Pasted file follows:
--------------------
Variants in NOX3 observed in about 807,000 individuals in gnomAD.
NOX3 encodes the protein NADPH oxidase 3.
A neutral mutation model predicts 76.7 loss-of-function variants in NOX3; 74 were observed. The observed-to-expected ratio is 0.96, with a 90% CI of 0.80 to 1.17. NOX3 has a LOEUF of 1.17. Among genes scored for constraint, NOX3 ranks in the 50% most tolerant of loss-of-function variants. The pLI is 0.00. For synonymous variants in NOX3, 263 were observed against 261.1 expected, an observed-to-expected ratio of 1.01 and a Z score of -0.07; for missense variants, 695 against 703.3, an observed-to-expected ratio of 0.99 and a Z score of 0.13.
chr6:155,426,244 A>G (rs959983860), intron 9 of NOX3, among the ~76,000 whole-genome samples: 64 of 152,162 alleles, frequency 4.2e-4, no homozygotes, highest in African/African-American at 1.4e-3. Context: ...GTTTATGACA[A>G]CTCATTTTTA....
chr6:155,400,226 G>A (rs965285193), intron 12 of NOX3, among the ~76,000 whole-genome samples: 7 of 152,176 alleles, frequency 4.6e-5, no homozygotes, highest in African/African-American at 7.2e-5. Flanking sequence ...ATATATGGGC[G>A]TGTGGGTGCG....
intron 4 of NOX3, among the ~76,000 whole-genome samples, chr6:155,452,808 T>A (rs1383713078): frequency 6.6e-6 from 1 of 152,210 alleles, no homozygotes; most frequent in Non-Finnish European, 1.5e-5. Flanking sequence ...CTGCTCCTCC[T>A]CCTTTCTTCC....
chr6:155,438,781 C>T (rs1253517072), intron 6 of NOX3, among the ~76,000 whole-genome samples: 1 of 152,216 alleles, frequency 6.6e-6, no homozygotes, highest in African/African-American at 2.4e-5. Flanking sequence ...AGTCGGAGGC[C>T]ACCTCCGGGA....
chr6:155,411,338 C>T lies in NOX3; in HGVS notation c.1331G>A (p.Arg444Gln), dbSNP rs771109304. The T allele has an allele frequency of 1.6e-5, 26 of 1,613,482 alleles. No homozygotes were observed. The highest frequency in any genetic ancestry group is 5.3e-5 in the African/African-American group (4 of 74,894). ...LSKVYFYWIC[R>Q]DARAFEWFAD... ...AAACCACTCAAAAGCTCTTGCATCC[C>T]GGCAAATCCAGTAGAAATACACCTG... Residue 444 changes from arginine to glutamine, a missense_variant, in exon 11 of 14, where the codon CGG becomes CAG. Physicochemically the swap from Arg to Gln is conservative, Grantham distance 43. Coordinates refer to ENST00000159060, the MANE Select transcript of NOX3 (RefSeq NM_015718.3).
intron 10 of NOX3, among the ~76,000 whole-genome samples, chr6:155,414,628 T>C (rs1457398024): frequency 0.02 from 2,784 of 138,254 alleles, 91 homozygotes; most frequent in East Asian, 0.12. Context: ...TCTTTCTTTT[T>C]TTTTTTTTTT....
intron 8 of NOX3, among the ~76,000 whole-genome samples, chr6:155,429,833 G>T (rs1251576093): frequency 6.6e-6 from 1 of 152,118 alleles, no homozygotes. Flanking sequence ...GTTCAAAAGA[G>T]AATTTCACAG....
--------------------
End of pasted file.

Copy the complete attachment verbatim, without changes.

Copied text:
Variants in NOX3 observed in about 807,000 individuals in gnomAD.
NOX3 encodes the protein NADPH oxidase 3.
A neutral mutation model predicts 76.7 loss-of-function variants in NOX3; 74 were observed. The observed-to-expected ratio is 0.96, with a 90% CI of 0.80 to 1.17. NOX3 has a LOEUF of 1.17. Among genes scored for constraint, NOX3 ranks in the 50% most tolerant of loss-of-function variants. The pLI is 0.00. For synonymous variants in NOX3, 263 were observed against 261.1 expected, an observed-to-expected ratio of 1.01 and a Z score of -0.07; for missense variants, 695 against 703.3, an observed-to-expected ratio of 0.99 and a Z score of 0.13.
chr6:155,426,244 A>G (rs959983860), intron 9 of NOX3, among the ~76,000 whole-genome samples: 64 of 152,162 alleles, frequency 4.2e-4, no homozygotes, highest in African/African-American at 1.4e-3. Context: ...GTTTATGACA[A>G]CTCATTTTTA....
chr6:155,400,226 G>A (rs965285193), intron 12 of NOX3, among the ~76,000 whole-genome samples: 7 of 152,176 alleles, frequency 4.6e-5, no homozygotes, highest in African/African-American at 7.2e-5. Flanking sequence ...ATATATGGGC[G>A]TGTGGGTGCG....
intron 4 of NOX3, among the ~76,000 whole-genome samples, chr6:155,452,808 T>A (rs1383713078): frequency 6.6e-6 from 1 of 152,210 alleles, no homozygotes; most frequent in Non-Finnish European, 1.5e-5. Flanking sequence ...CTGCTCCTCC[T>A]CCTTTCTTCC....
chr6:155,438,781 C>T (rs1253517072), intron 6 of NOX3, among the ~76,000 whole-genome samples: 1 of 152,216 alleles, frequency 6.6e-6, no homozygotes, highest in African/African-American at 2.4e-5. Flanking sequence ...AGTCGGAGGC[C>T]ACCTCCGGGA....
chr6:155,411,338 C>T lies in NOX3; in HGVS notation c.1331G>A (p.Arg444Gln), dbSNP rs771109304. The T allele has an allele frequency of 1.6e-5, 26 of 1,613,482 alleles. No homozygotes were observed. The highest frequency in any genetic ancestry group is 5.3e-5 in the African/African-American group (4 of 74,894). ...LSKVYFYWIC[R>Q]DARAFEWFAD... ...AAACCACTCAAAAGCTCTTGCATCC[C>T]GGCAAATCCAGTAGAAATACACCTG... Residue 444 changes from arginine to glutamine, a missense_variant, in exon 11 of 14, where the codon CGG becomes CAG. Physicochemically the swap from Arg to Gln is conservative, Grantham distance 43. Coordinates refer to ENST00000159060, the MANE Select transcript of NOX3 (RefSeq NM_015718.3).
intron 10 of NOX3, among the ~76,000 whole-genome samples, chr6:155,414,628 T>C (rs1457398024): frequency 0.02 from 2,784 of 138,254 alleles, 91 homozygotes; most frequent in East Asian, 0.12. Context: ...TCTTTCTTTT[T>C]TTTTTTTTTT....
intron 8 of NOX3, among the ~76,000 whole-genome samples, chr6:155,429,833 G>T (rs1251576093): frequency 6.6e-6 from 1 of 152,118 alleles, no homozygotes. Flanking sequence ...GTTCAAAAGA[G>T]AATTTCACAG....